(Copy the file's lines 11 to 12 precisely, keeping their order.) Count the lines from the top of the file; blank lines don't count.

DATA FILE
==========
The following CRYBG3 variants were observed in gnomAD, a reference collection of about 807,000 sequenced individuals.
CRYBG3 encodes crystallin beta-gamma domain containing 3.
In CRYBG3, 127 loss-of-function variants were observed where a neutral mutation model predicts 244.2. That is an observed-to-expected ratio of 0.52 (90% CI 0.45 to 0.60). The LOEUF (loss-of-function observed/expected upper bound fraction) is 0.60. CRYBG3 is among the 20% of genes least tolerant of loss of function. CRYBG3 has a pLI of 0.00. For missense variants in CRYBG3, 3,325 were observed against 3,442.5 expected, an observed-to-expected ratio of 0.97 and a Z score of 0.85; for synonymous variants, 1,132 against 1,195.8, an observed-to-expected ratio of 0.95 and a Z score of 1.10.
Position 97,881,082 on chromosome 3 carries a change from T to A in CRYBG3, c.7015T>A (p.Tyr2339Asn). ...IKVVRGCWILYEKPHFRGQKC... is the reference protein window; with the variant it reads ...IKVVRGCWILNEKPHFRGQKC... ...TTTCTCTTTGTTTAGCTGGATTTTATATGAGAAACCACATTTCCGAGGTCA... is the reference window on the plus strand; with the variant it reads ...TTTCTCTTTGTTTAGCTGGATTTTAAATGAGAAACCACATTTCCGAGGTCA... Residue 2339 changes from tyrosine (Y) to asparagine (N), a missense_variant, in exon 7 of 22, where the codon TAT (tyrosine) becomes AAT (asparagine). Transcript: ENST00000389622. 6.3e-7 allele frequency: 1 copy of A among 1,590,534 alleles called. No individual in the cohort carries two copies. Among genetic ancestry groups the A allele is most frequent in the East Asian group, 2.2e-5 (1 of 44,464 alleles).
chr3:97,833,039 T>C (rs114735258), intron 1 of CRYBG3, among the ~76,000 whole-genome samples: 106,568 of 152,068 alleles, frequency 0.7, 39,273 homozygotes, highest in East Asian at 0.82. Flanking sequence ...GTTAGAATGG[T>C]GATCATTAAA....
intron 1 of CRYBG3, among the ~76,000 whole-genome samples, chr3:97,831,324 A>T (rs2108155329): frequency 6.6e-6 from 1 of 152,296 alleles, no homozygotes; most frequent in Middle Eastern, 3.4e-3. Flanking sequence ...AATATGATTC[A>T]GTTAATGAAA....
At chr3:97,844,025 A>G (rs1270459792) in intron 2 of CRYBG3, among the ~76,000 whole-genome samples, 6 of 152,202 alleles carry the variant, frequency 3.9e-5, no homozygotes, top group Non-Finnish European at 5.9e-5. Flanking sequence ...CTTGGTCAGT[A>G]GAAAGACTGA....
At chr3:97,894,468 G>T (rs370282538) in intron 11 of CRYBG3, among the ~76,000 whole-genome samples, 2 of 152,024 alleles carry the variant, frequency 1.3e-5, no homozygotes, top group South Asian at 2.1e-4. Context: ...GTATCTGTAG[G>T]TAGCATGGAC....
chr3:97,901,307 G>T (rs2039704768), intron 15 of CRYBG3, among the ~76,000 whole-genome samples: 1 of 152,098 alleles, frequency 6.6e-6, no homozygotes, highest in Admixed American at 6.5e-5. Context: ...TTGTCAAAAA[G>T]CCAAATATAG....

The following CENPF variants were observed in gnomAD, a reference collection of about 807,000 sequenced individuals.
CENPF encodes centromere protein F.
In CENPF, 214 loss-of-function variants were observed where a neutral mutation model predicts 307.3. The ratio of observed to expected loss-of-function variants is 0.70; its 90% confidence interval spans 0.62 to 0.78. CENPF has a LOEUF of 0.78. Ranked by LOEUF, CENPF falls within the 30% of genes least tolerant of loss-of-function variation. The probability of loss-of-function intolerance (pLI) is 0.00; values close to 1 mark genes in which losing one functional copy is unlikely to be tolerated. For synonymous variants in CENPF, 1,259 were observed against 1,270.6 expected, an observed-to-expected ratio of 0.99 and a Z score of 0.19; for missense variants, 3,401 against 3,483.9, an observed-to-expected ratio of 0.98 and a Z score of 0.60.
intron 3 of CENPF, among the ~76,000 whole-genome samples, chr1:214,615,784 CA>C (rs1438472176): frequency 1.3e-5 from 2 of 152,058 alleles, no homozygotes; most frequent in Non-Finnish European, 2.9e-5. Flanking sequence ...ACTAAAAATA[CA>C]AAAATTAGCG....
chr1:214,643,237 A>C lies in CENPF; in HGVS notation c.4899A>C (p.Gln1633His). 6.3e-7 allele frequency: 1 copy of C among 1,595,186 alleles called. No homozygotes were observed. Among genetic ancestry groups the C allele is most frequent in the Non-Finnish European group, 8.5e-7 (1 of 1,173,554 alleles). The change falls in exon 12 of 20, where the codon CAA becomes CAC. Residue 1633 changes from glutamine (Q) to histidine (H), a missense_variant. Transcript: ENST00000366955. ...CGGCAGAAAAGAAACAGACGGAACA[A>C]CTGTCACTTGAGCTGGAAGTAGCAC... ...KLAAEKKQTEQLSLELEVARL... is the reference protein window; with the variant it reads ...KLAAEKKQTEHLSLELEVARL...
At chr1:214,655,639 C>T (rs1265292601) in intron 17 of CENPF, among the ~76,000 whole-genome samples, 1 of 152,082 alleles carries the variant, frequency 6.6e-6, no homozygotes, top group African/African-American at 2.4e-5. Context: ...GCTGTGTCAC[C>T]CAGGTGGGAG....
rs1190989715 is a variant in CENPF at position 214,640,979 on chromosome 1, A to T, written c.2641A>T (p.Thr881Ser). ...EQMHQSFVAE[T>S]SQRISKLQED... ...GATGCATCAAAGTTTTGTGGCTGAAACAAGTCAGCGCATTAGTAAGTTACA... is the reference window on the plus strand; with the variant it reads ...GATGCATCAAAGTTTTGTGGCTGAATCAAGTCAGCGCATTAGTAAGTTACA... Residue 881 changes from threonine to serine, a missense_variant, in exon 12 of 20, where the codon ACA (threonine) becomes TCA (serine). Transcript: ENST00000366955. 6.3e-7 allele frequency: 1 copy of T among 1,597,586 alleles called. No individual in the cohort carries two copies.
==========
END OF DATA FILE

CENPF encodes centromere protein F.
In CENPF, 214 loss-of-function variants were observed where a neutral mutation model predicts 307.3. The ratio of observed to expected loss-of-function variants is 0.70; its 90% confidence interval spans 0.62 to 0.78. CENPF has a LOEUF of 0.78. Ranked by LOEUF, CENPF falls within the 30% of genes least tolerant of loss-of-function variation. The probability of loss-of-function intolerance (pLI) is 0.00; values close to 1 mark genes in which losing one functional copy is unlikely to be tolerated. For synonymous variants in CENPF, 1,259 were observed against 1,270.6 expected, an observed-to-expected ratio of 0.99 and a Z score of 0.19; for missense variants, 3,401 against 3,483.9, an observed-to-expected ratio of 0.98 and a Z score of 0.60.